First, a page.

Archived entries for Publishing

NYTimes: “Google in China: The Big Disconnect”

Quick pointer: Great, long, interesting article on the the state of the internet in China. Censorship, culture, business, morals.

Discusses the experiences of Google, Microsoft, and Yahoo!; Cisco on the hardware/router side; local players like Baidu, Sina and Sohu; several journalists and bloggers active within China; and what it all might mean.

There are multiple eye-opening descriptions of cultural forces at play in China, and how those influence Internet usage in general.

All and all, a helpful and enjoyable primer.

My First Interview for a Podcast

I had the pleasure of being interviewed by Dustin Diaz for the sixth episode of his podcast series. It was my first time appearing on a podcast, though I’ve since given another interview for a second podcast (that hasn’t been published yet).

We primarily talked about my Graded Browser Support article, but also touched on other aspects of the Yahoo! User Interface Libary and web development in general. Each podcast Dustin does gets better and better (and I hope I didn’t break that trend — though I’ll let you be the judge of that).

Shoot me a note or leave a comment if you’d like to discuss general web development, the Graded Browser Support article and chart, CSS and DOM Scripting, the Yahoo! Developer Network, the Yahoo! User Interface Blog, or the recently-released Yahoo! User Interface Library on your podcast.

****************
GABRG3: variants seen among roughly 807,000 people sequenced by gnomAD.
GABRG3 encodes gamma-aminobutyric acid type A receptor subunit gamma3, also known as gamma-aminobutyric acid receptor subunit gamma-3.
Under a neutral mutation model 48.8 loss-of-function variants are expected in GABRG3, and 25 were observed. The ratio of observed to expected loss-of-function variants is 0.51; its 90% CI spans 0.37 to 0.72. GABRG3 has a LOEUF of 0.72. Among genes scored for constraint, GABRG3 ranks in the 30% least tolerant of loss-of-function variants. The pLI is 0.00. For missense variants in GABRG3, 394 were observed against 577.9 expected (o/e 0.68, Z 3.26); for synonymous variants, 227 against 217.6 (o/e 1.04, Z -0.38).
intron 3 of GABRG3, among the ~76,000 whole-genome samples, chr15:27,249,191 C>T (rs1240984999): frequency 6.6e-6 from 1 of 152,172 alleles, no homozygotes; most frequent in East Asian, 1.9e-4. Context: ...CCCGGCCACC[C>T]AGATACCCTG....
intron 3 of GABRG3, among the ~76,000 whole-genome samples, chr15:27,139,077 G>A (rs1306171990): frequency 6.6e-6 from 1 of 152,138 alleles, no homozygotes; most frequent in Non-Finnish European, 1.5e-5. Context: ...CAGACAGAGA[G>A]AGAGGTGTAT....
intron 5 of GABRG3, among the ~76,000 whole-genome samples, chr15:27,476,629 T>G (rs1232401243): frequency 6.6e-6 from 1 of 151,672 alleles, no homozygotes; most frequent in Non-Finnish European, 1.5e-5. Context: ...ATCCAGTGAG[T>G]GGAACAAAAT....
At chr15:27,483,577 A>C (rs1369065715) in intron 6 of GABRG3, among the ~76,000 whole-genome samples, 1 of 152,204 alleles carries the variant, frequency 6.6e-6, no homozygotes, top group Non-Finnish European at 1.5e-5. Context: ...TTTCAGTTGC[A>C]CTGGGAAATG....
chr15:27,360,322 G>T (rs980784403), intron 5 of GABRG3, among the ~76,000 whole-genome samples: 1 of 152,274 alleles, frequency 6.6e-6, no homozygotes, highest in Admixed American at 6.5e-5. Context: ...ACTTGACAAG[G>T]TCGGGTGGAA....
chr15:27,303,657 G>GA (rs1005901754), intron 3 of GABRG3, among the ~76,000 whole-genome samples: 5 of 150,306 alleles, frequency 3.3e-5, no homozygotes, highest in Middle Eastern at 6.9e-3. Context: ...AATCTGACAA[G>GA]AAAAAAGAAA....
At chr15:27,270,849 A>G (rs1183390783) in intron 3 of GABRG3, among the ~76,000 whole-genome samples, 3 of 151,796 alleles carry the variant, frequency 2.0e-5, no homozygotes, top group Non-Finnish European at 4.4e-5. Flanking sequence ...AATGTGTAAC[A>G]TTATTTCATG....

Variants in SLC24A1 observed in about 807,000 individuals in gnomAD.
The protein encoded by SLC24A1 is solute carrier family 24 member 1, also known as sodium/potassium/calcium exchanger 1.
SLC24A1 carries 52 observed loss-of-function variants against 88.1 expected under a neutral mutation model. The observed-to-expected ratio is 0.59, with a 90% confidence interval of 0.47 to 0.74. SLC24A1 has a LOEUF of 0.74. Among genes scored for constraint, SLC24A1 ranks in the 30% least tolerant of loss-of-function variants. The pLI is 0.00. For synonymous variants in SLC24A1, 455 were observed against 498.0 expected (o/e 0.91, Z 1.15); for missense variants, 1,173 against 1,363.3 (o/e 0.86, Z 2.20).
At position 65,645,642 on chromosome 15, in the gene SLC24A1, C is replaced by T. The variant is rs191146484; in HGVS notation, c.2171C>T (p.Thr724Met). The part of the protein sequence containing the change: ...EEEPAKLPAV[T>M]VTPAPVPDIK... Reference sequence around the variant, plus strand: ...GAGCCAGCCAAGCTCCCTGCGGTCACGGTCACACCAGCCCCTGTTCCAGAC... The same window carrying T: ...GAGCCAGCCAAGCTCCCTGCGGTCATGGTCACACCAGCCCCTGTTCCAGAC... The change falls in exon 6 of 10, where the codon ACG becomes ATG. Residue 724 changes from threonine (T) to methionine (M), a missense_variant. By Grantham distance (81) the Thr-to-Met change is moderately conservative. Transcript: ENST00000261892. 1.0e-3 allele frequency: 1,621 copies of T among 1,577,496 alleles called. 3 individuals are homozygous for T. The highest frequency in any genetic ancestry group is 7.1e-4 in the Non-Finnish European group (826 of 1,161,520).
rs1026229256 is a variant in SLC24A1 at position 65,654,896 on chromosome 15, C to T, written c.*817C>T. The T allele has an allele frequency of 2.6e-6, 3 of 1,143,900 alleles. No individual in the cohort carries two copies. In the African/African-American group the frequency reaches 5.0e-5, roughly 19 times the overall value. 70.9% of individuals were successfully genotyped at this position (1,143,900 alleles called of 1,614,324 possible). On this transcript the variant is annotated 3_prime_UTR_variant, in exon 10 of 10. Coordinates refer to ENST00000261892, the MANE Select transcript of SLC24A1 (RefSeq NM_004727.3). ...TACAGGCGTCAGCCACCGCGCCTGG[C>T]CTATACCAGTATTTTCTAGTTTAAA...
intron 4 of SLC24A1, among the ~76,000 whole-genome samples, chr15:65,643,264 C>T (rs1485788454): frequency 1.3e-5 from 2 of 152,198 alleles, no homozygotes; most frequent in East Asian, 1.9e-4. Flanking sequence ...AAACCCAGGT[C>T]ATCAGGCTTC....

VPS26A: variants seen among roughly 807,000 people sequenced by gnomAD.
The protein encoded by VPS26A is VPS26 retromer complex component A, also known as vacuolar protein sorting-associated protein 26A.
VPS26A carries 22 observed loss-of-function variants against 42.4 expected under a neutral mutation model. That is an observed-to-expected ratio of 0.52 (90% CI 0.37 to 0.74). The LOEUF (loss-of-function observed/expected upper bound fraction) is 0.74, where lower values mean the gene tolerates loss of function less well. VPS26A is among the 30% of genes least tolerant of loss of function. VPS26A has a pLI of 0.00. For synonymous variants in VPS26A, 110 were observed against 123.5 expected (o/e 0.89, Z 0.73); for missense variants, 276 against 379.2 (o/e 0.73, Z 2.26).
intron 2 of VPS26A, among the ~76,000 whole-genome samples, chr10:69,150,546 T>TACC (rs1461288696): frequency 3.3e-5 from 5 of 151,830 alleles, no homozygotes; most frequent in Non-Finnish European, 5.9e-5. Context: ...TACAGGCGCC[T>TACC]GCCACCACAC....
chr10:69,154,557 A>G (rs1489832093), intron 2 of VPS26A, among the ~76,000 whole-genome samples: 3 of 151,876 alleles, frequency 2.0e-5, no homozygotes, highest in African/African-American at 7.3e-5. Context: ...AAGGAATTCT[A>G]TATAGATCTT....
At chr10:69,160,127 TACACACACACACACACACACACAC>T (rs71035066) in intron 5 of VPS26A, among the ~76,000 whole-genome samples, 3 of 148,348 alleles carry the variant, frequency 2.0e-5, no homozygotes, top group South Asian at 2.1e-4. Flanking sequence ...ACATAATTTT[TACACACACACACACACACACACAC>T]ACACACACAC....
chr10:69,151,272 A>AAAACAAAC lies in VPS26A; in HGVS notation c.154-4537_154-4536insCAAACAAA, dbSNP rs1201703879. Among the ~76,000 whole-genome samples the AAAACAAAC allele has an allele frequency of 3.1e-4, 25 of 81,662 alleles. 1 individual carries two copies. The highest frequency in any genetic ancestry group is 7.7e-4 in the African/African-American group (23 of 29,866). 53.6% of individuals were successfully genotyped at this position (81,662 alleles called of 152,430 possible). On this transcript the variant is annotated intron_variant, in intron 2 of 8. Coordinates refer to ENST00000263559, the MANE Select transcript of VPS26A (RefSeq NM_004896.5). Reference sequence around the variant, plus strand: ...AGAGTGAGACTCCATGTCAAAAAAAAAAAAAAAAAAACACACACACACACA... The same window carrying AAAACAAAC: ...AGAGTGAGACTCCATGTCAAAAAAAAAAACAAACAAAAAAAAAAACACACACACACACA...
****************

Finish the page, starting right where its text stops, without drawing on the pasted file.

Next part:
A Dozen Cool Uses for RSS Feeds (via delivers a dozen interesting uses for RSS feeds, and reading blogs isn’t on the list. Weather, comics, contacts and deals are though. They’ve titled this post “Part One”, so check back at their site later for another installment.

Do You Hate To Read, But Love The Onion?

The Onion, America’s Finest News Source, began offering their Onion Radio News as a podcast this week. It immediately rose toward the top of iTunes podcast list.

The Onion Radio News Podcast, w/ Doyle Redland

Onion News is anchored by Doyle Redland, visualized by my dad.

Grab the podcast here or via the iTunes Music Store.

Ouch! Where did the Wow go?

In 2004, Google could do no wrong. I don’t have a Lexus/Nexus account, but I bet one would be hard-pressed to find any negative coverage about them in 2004. In 2005, they built on gmail, the quintessential-wow product, and rocked the industry with gmaps (in the process making Ajax one of the top memes of the year).

But throughout 2005, the negative press began to appear. There were many flareups over privacy and copyright (Print, Desktop Search, AdSense). Many products fizzled (Talk, Base), lost steam (Orkut), or didn’t do much of anything (personalized homepage, Froogle). And to many pundit’s dismay, they continued to move away from their core competencies and into seemingly *every* business around.

But today marks, for me, some of the most scathing words I’ve read about them. A sense of frustration and disappointment. Not that it’s the most egregious thing they’ve done, but CES and the Google Video launch (with DRM) seem to have backfired a bit. Take a look at the roundup of the press that Techdirt’s Mike offers in his “We Sat Around Waiting For Google Video And All We Got Was This?” post.

(For even more, look at the cluster around this topic on Memeorandum.)

wg:List – Best Web Development Articles of 2005

Alessandro Fulciniti reported his Top 20 Bookmarks of 2005 on the Web-Graphics blog. Some great stuff, in particular On having layout (a must-read for anybody trying to get CSS to work in browsers). If you’re doing web development or design, I recommend being familiar with all 20 of his list.

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